The Olympus XZ-1 – Constant travel Companion
By Ibraar Hussain
I thought I’d finish off my Hindu Kush series with the third and final part. As I’ve told in the last two articles (HERE and HERE), I went with Three cameras; The Fuji GA645, Contax G2 and The Olympus XZ-1. The Olympus was my main camera, main because it’s small, compact and lightweight and I was able to carry it around everywhere and bring it out as needed. When the Contax and Fuji were locked away in my luggage, I ALWAYS had the Olympus on my person. It managed to slip nicely inside the Olympus Creator soft case, which also did a good job of protecting it, and into a trouser pocket, or around my neck without any problems.
I’m not a machine gunner, and even with a digital compact I carefully shoot my photographs, so didn’t come back with several hundred meaningless shots. I actually came back with about 150, of which I had many keepers! I shot exclusively in RAW, and I’ll explain why in a bit.
I have the white version, which isn’t the most slick-looking of colours, but at least it was non threatening and discreet. Looks wise, pretty generic, and not very special. To be honest, offerings from Panasonic and Fuji look better – but that’s not what a digital compact is about in my opinion. I reckon a compact needs to be relatively small, discreet, have a versatile zoom range – which can handle everything from wide-angle to short telephoto/portrait length. A Compact needs to be very fast to operate, switching it on and off should be quick, along with focus and shooting and write times. It also needs to be easy to set up and customise, and have a good battery life.
For travel, especially in the heat of the Punjab with dust galore, it needs to be sturdy and resilient, the cold hard lands of the Hindu Kush also call for the camera to be solid, and with a sensor capable of handling the light. ’m pleased to say the XZ-1 ticks most boxes.
The Olympus XZ-1 is a fine camera, using it was enjoyable, as it’s quick. I set it up to have one central focus point, and switched metering from matrix to spot as required. ISO was set to 100, 200 and I think 400 literally a couple of times – as I’m not much of an indoors or low light shooter.
I simply set it to Aperture Priority (A), and used the lens ring to change Aperture as required. F1.8 is pretty fast for a compact, and f2.5 is pretty fast for 110mm focal length, this enabled me to get some portraits with a shallow depth, which is a bonus on a compact. The lens really is brilliant, it’s perfect! It’s great wide open, and the sweet spot is f4 I think.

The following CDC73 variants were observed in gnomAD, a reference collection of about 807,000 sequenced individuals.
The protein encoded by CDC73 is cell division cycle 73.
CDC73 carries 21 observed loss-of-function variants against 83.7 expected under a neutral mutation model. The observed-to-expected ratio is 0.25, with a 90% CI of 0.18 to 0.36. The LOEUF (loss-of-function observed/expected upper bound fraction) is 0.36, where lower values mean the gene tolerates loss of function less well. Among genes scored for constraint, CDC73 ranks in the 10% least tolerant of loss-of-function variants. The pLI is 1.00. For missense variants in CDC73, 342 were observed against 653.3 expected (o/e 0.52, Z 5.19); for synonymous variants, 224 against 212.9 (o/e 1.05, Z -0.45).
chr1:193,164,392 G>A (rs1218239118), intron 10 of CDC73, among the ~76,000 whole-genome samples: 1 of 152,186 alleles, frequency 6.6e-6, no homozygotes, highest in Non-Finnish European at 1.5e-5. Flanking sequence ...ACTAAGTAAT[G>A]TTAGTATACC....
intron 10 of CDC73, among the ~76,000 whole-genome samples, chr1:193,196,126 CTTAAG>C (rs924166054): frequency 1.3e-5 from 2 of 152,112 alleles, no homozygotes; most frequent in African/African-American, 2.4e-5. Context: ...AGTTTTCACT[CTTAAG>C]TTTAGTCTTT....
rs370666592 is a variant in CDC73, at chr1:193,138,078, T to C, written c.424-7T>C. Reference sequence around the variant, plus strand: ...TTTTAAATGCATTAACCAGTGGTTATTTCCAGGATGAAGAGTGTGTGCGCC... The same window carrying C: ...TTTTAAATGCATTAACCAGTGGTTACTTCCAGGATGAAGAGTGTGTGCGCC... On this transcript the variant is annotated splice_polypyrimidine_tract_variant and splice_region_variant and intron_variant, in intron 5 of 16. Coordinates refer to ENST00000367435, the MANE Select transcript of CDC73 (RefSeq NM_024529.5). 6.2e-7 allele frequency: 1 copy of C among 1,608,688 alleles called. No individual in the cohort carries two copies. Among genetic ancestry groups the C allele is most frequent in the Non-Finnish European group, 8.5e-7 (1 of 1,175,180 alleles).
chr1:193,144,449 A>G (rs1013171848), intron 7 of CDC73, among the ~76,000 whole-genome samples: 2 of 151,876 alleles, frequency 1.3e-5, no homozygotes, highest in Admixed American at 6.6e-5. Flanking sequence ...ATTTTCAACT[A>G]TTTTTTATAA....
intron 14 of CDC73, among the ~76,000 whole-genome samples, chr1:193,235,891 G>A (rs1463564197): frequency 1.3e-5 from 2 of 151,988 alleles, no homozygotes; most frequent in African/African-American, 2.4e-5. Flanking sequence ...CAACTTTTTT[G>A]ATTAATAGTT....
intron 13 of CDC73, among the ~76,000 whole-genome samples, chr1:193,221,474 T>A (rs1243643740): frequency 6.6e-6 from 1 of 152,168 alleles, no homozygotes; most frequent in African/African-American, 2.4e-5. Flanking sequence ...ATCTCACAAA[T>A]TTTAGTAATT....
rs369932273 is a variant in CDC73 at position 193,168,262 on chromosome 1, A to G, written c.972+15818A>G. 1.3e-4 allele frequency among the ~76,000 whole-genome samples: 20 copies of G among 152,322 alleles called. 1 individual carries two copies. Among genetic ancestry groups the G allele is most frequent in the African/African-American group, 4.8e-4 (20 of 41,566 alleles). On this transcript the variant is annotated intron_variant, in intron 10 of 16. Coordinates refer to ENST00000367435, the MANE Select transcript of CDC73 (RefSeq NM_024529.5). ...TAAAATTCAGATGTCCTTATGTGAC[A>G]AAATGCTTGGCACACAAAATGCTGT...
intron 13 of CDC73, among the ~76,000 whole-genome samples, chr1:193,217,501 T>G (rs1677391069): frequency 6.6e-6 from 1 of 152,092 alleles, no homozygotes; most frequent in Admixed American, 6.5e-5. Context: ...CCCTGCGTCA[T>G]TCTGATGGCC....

Focussing is quick and accurate, as are write times. And the big clear LCD was pretty good in bright light, so no problems. Exposure was well handled, images seem bright, well exposed. Olympus colour is the reason for going for an Olympus, vibrant saturated colour with plenty of detail.
Nothing is perfect, and neither is this camera. There are a few flaws, which become obvious the more one uses it. The first flaw is the lack of an exposure lock button independent of focus lock. Locking focus also locks exposure, and this is a simple technique to get used to, but on occasions I would’ve liked to lock exposure as I do on the Contax G2 with a flick of a switch. Secondly is it’s reliance upon menu systems, I would’ve liked a button for ISO, another for metering and another for Macro mode, but one has to enter the menu system for these, which to be honest, is pretty quick easy and coherent in use.
I would’ve liked a viewfinder.
Finally, the in camera JPEG aren’t any good, too much Noise Reduction destroys the images, detail is smeared, especially in landscapes, and there’s no option to turn NR off! It’s crazy! This forces me to use RAW to switch NR off which I hate doing as I’d rather get the shot right in camera rather than tatting around tweaking the photo on the computer. This is a shame, as the Olympus XZ-1 is easy to set up to get lovely travel shots. BUT, these are minor distractions, as I don’t miss these functions.
Fantastic camera, quick, discreet, with a superb lens. I enjoyed using it, and I include a selection here. I took everything from a few candids, to the odd scenic and especially my favourite black background portraits, I was able to shoot quickly and discreetly. The photographs aren’t quite Contax Zeiss standard, but they’re good considering this is a small sensor compact digital camera, and it’s a superb travel camera! Love it!
Chitral Town, from the Tirich View Mir Hotel. Tirich Mir itself is obscured by clouds. Panoramic stitch mode Auto.
Tirich Mir over Chitral Town. (this frame is the slightly left of centre part of the panoramic picture)
Mt. Tirich Mir in the Chitral Gol.